From Sin to Sanctification

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In the early seventies I used to wear a dog tag that said born again; they could be bought at any Christian bookstore, and people would actually ask you, “what does that mean?” Most evangelical churches at that time thought of conversion as something radical, instant, life changing, essential, and so it is.

1 “And you were dead in your trespasses and sins, 2 in which you formerly walked according to the course of this world, according to the prince of the power of the air, of the spirit that is now working in the sons of disobedience. 3 Among them we too all formerly lived in the lusts of our flesh, indulging the desires of the flesh and of the mind, and were by nature children of wrath, even as the rest. 4 But God, being rich in mercy, because of His great love with which He loved us, 5 even when we were dead in our transgressions, made us alive together with Christ (by grace you have been saved),” Ephesians 2:1-5.

Nothing could be said more clearly than Christianity is a complete renewal of life, v.5. New life is explained in the previous verses: dead in sin, walking in the same direction as the world, under the control of the devil, with an attitude of disobedience toward God, led about by the desires of the body, and under the pending judgment and anger of God.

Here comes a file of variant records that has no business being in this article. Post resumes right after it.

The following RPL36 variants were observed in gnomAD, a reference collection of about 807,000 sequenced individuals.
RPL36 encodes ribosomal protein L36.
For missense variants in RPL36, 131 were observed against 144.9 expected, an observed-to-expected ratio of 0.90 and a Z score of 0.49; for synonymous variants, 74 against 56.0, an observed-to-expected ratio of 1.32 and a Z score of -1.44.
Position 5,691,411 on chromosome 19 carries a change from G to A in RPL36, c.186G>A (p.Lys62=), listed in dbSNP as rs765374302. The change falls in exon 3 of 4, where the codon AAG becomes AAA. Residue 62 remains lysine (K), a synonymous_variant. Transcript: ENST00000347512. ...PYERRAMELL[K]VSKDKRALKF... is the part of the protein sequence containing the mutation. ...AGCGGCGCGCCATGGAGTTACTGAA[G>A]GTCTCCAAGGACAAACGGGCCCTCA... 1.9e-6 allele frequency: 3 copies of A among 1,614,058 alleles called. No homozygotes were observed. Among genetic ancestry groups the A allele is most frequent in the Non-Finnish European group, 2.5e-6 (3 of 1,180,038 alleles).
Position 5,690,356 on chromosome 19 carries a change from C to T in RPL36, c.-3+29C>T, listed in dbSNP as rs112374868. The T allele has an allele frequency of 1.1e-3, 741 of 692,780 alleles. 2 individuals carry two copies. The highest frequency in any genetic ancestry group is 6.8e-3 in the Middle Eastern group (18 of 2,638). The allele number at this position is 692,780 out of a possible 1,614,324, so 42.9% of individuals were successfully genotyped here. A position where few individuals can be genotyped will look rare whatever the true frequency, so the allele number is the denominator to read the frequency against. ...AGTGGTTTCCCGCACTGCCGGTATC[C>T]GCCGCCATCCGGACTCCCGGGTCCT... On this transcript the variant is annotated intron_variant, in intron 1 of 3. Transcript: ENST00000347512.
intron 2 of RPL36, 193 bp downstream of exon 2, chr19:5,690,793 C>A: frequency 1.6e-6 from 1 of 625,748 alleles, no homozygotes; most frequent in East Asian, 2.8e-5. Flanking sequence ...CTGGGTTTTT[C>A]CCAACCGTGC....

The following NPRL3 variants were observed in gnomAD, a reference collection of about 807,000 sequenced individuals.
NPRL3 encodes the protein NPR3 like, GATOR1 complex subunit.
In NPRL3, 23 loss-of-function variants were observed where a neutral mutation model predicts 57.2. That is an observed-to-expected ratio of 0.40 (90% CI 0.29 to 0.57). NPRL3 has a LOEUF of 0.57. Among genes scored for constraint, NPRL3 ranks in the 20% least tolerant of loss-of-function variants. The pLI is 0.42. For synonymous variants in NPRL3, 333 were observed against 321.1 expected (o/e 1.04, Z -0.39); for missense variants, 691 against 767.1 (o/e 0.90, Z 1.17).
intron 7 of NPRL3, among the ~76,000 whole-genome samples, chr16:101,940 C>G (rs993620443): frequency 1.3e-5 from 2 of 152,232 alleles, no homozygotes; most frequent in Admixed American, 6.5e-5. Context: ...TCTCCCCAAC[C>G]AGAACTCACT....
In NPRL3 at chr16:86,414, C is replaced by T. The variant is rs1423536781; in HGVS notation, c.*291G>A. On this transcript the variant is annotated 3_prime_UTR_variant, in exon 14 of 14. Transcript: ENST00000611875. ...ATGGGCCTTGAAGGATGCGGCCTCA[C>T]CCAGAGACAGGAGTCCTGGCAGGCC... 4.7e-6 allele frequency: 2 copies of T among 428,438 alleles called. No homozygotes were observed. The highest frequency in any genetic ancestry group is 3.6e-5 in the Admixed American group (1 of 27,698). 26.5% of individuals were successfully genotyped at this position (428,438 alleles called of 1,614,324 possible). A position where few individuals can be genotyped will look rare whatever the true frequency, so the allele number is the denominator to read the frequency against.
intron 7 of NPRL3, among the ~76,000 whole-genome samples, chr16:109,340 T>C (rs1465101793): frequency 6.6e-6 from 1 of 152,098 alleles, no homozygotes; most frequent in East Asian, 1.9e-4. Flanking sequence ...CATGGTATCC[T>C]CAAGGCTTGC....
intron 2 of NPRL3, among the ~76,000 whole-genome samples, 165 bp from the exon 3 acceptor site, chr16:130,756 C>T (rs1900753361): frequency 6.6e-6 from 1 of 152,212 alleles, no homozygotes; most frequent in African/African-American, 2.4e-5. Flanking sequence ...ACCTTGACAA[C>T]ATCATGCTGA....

To become a Christian is to go from this deadly and dangerous state to being raised from the dead as a gift of God’s love and grace. The term grace is explained as God’s work on the Christian’s behalf, stated in v.10, ‘For we are his workmanship, created in Christ Jesus for good works…” In salvation, the Christian is as much a creation as he is the first time, only this time saved from all the ravages of sin. As Christians we are created for the good works that God prepared; nothing is left to chance in God’s universe. We are not left to live our lives by guessing, or desiring according to the flesh, but by learning God’s word (God’s will) and then living according to His design and purpose.

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